Author: Don Obrien

Afghanistan’s financial lifeline may lie in Qatar

U.S. Air Force loadmasters and pilots assigned to the 816th Expeditionary Airlift Squadron, load passengers aboard a U.S. Air Force C-17 Globemaster III in support of the Afghanistan evacuation at Hamid Karzai International Airport in Kabul, Afghanistan, August 24, 2021.

LONDON, Aug 27 (Reuters Breakingviews) – Qatar is a central player in the Afghanistan crisis. Doha hosted talks between the United States and the Taliban that preceded the current mess and has been central to helping organisations secure safe passage from Kabul. There’s an argument for the tiny gas-rich emirate to get further involved by advancing funds.

That might sound crazy. One of the reasons Saudi Arabia and allies blockaded Qatar in 2017 was what they saw as an overly close relationship between the emirate and Islamist militants. Doha has denied such accusations but were it to fund Afghanistan now it would help the Taliban, which on top of alleged human rights abuses might provide an easier environment for similar groups. As Qatar prepares to host the 2022 soccer World Cup, that could be an awkward look.

Yet as Afghanistan’s plight worsens, the focus will shift from getting people out to getting basic funding in to avert an economic collapse that could exacerbate its status as a breeding ground for extremism. The United States has effectively frozen most of the country’s $9.5 billion of central bank assets, and 75% of Afghanistan’s externally financed operating budget is in doubt.

There’s precedent for Qatar to help. It pledged over $8 billion of direct assistance in the form of grants, bonds and loans to Egypt when Muslim Brotherhood leaders swept to power on the back of the 2011 uprising. Inserting itself as a key intermediary to a regional crisis fits with Doha’s broader security strategy. Part of the reason its $300 billion sovereign wealth fund buys Western companies is that a high profile gives it more stakeholders to spring to its defence in its volatile backyard.

Qatar’s other key security strategy is to stay close to the United States, which maintains a large military base on its territory. Despite the chaotic NATO-alliance exit from Afghanistan that precipitated Thursday’s deadly attack claimed by Islamic State at Kabul airport, President Joe Biden loses if the country implodes. Using non-American financial resources to stabilise the situation could win Doha some kudos.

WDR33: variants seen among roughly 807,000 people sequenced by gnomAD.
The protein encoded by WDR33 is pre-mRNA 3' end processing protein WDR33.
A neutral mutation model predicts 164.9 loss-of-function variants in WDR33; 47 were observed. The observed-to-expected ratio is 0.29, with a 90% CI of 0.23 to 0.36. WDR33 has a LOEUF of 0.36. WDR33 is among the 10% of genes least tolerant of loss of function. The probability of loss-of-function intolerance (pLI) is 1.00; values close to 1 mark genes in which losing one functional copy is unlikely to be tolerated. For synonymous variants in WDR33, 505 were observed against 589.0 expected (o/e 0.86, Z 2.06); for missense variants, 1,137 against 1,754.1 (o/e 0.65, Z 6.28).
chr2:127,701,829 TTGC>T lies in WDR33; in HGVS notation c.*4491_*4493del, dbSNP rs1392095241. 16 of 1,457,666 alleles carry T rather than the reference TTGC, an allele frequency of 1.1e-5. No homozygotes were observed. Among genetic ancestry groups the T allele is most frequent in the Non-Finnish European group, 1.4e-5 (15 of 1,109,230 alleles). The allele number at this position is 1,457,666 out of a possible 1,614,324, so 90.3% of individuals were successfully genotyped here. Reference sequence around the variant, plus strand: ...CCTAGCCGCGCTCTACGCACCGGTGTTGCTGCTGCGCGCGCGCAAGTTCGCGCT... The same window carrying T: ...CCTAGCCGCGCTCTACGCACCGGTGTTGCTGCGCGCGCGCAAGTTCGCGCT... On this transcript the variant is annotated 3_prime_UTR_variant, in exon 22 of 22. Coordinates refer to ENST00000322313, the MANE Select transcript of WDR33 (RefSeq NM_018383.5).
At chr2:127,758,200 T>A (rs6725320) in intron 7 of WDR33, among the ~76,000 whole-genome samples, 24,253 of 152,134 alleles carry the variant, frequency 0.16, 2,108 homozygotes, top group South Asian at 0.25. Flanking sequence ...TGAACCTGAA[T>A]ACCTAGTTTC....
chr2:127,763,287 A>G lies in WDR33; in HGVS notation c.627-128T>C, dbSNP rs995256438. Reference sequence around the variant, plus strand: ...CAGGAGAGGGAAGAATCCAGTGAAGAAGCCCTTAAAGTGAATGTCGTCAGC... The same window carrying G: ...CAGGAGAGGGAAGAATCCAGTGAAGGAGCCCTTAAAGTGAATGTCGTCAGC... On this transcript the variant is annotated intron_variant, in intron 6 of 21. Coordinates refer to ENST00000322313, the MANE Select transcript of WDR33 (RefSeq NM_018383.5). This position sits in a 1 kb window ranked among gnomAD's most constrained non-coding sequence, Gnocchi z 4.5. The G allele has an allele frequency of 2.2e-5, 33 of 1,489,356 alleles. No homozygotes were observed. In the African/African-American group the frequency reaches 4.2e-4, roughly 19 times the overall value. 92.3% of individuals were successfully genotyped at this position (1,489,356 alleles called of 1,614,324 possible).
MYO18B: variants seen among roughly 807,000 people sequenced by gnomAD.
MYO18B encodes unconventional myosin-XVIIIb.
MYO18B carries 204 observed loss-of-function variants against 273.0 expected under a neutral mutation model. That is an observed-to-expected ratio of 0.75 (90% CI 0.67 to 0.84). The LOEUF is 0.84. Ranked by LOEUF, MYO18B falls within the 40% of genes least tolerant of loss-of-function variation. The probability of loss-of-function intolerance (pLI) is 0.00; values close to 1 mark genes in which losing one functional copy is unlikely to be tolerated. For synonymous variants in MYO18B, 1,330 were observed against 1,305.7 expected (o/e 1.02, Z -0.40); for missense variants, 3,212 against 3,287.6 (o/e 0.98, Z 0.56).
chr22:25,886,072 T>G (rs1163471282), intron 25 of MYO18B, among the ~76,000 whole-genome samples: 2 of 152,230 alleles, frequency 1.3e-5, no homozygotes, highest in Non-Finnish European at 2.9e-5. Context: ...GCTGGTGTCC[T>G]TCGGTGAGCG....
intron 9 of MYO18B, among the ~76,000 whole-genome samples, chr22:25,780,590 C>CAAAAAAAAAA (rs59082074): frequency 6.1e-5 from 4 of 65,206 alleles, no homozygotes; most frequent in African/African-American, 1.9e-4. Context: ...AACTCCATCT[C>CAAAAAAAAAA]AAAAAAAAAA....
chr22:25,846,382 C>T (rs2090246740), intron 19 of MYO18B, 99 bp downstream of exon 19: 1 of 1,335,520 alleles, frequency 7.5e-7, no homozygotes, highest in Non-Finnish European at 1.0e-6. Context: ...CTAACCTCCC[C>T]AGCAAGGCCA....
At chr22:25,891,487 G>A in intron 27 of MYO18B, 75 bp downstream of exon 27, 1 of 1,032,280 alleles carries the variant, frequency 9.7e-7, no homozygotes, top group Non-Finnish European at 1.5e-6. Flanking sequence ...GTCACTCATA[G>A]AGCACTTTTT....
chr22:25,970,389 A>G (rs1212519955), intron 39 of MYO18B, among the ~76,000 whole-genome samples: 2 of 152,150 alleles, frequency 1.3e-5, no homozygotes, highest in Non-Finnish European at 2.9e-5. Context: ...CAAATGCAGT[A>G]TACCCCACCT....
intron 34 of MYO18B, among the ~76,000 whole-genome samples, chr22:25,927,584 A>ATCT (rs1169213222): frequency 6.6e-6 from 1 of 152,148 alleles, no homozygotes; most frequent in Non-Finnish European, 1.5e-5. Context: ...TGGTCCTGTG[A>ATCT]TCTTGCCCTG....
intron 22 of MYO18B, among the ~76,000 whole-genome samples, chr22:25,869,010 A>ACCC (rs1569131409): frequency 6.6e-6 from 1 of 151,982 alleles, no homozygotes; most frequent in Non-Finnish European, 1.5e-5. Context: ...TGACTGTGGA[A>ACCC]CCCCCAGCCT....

Unilaterally handing over large sums to the Taliban, as Doha did to elected Islamist leaders in Egypt, is asking for trouble. Any Qatari aid may have to be advanced multilaterally, in concert with the United Nations or regional partners, and certainly incrementally, contingent on Taliban concessions on human rights and commitments on anti-terrorism. It’s a fiendishly delicate balancing act, but one that could shore up its position as a power broker.

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– Islamic State claimed responsibility for a deadly attack outside Kabul airport on Aug. 26, the group’s Amaq News Agency said on its Telegram channel, Reuters reported.

– A suicide bomber from the Islamist militant group “managed to reach a large gathering of translators and collaborators with the American army at ‘Baran Camp’ near Kabul Airport and detonated his explosive belt among them, killing about 60 people and wounding more than 100 others, including Taliban fighters,” the group said.

– “We will not forgive. We will not forget. We will hunt you down and make you pay,” U.S. President Joe Biden said in emotional remarks at the White House, promising that the group’s actions would not stop a mass evacuation airlift.

Editing by Una Galani and Karen Kwok

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Oliver Bolt

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